tis, rhinitis, atopic wheeze, and other respiratory outcomes,
or that did not report specifically on peanut sensitisation or
allergy were excluded.
Question 4.Has the current UK Government guidance on
dietary consumption of peanuts and peanut products had any
impact on sensitisation and allergy rates to peanuts in the UK?
Included were studies that provide information on knowl-
edge of, or adherence to, the 1998 COT recommendations,
as well as information on sensitisation or allergy to peanuts
in the child. Cohort, case–control and cross-sectional studies
assessing the development of sensitisation or clinical peanut
allergy in relation to adherence to COT recommendations
were included. Subjects were women who became pregnant
after June 1998 and infants and children conceived after
June 1998. The exposures included maternal knowledge of
the COT recommendations, and data on dietary and non-
dietary sources of peanuts in the maternal diet and in the
child’s diet up to the age of 3 years. The outcomes of interest
were dietary (maternal and child) intake of peanuts, and
sensitisation to peanuts and peanut allergy in the child
(using the same measures as previously described).
The Cochrane Library (Systematic Reviews and Central Data-
bases), MEDLINE, EMBASE and CAB Abstracts were
searched from 1 January 1999 to 7 March 2008. The search
strategy included both medical subject heading (MeSH)
terms and text terms where possible. A search strategy that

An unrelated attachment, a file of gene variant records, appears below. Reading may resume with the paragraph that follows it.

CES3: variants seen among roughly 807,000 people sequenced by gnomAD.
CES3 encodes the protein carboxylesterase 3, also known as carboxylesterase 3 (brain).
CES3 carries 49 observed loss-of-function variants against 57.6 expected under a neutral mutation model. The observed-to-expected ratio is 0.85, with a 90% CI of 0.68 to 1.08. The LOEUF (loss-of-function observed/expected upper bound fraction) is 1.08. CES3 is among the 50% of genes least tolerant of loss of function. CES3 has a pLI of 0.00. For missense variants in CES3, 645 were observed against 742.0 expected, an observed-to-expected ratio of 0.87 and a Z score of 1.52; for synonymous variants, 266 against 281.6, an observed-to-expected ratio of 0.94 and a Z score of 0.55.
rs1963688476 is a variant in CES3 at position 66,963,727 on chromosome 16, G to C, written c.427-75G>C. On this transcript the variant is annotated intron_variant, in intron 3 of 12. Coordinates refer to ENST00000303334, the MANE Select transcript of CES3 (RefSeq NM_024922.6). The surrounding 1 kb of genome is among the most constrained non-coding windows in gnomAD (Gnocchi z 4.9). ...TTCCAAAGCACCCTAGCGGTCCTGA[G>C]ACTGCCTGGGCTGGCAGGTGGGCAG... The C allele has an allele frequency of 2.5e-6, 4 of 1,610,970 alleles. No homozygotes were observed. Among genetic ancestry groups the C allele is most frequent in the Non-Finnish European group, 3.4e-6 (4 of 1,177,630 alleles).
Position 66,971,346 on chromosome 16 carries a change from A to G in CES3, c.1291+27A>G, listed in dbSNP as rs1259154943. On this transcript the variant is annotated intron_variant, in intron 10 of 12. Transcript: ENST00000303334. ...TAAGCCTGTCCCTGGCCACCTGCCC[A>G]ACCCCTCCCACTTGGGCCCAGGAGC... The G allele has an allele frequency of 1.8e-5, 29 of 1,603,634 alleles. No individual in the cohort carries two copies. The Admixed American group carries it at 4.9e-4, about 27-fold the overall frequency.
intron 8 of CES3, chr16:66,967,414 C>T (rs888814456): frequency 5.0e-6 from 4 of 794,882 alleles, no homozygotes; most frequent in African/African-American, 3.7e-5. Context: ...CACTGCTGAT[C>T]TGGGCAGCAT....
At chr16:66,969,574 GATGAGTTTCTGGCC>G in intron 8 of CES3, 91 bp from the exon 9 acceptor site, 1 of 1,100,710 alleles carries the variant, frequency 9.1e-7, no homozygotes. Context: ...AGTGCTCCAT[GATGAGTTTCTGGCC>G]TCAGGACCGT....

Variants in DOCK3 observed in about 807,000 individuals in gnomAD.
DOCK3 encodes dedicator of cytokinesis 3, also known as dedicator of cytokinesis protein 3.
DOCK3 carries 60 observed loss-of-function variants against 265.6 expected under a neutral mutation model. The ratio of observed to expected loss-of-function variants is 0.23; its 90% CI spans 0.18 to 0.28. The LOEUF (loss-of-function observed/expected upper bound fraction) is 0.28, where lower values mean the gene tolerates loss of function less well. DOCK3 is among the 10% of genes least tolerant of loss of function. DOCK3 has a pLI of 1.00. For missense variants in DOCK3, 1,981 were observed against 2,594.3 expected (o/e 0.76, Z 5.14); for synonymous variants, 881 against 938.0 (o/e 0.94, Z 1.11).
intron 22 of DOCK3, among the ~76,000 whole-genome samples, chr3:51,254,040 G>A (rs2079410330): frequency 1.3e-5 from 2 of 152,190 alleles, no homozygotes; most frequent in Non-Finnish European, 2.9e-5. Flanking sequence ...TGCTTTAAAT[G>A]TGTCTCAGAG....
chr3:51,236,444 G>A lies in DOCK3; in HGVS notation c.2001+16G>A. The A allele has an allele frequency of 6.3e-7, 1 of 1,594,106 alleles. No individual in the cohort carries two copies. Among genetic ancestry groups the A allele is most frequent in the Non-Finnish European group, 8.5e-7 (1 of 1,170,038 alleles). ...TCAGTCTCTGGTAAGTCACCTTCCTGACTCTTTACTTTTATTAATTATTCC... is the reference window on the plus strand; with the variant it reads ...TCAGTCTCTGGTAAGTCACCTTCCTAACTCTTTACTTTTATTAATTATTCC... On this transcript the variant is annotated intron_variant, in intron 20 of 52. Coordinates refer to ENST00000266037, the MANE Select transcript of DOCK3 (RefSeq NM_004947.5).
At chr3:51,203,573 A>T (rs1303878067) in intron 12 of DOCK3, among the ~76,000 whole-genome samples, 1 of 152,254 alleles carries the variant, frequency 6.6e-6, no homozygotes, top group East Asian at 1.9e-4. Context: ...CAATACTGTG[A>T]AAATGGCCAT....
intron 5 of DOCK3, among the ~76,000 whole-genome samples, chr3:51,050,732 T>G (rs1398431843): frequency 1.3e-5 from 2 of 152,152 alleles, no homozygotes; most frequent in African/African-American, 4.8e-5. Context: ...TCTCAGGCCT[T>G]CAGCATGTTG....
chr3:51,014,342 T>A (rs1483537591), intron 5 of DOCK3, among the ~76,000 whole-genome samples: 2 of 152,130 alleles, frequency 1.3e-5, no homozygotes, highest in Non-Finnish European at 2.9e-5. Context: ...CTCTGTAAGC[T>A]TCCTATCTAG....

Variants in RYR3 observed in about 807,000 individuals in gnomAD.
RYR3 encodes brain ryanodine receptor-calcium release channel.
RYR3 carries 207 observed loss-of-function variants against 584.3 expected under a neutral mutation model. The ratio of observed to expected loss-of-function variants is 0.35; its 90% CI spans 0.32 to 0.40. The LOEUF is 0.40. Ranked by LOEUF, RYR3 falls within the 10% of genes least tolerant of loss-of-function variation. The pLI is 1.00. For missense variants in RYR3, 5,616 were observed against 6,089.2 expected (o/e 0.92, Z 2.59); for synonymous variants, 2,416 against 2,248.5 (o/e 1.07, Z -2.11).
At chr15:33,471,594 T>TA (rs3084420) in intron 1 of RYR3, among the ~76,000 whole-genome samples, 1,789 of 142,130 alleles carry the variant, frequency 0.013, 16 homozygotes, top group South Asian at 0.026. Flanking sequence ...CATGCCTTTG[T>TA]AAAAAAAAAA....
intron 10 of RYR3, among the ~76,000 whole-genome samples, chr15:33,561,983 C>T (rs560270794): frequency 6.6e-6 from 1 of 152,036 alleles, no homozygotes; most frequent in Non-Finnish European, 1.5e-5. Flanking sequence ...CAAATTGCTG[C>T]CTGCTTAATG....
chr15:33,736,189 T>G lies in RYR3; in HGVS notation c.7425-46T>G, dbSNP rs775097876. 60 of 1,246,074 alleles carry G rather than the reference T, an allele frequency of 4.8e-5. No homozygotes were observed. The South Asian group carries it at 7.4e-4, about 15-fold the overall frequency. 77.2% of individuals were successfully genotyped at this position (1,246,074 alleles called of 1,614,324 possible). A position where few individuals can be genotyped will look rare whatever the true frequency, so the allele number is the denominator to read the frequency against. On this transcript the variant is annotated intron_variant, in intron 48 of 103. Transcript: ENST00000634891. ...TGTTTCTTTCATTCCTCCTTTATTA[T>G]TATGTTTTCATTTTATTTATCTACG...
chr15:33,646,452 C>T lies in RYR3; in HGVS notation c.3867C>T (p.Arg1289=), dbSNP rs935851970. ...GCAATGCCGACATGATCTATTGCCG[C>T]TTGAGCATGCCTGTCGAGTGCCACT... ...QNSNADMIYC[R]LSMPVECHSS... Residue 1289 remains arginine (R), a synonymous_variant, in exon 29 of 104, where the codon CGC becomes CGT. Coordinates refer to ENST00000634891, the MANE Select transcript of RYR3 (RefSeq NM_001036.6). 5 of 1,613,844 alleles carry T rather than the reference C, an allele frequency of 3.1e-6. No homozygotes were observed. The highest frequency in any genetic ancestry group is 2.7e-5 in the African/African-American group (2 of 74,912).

included terms to cover all the research questions for human
studies was developed. Terms for peanuts (Arachis hypogaea,
arachis oil, peanut*) were combined with those for sensitis-
ation and allergy (food hypersensitivity, allerg*, atopy*,
atopic* intolerance, hypersensitivity*). The search was
restricted to papers published in English and to subjects
aged from newborn to 12 years. The reference lists of reviews
and included studies were checked for any further papers.
Abstracts presented at meetings and/or conferences that were
unsupported by a full published paper were not included.
A separate search, on authors of included studies, was con-
ducted to find further articles written by these authors.
No study was excluded on the basis of quality. All titles and
abstracts of papers identified by the searches were assessed for
inclusion by one reviewer. Full copies of papers considered
potentially relevant (not clearly excluded) were obtained.
The full copies of papers were assessed for eligibility indepen-
dently by two reviewers; any disagreement between the
reviewers was resolved by discussion between the reviewers
or by assessment by a third reviewer. Data extraction forms
were developed based upon the checklists developed by the
Scottish Intercollegiate Guidelines Network(8), and included
questions to critically appraise each study. All data extraction
forms were completed independently by two reviewers; any
disagreement between the reviewers regarding relevant data
or quality assessment was resolved by discussion.
Narrative expert-led reviews
Expert-led reviews were conducted of animal studies on
peanut sensitisation or allergy, based on questions 1 to 3.
Studies on animal models were initially identified using the
same search terms, time period and databases as for the
human studies, and then the search was expanded to cover a
broader time period (studies published from 1980 onwards).
The recommendations of the COT issued in 1998 were in
part based on the concept that intra-uterine immunological
sensitisation can occur and increases the likelihood of sub-
sequent atopic disease. This concept was primarily based on
reports of in vitro proliferative and cytokine responses by
Early life determinants of peanut allergy 1279
British Journal of Nutrition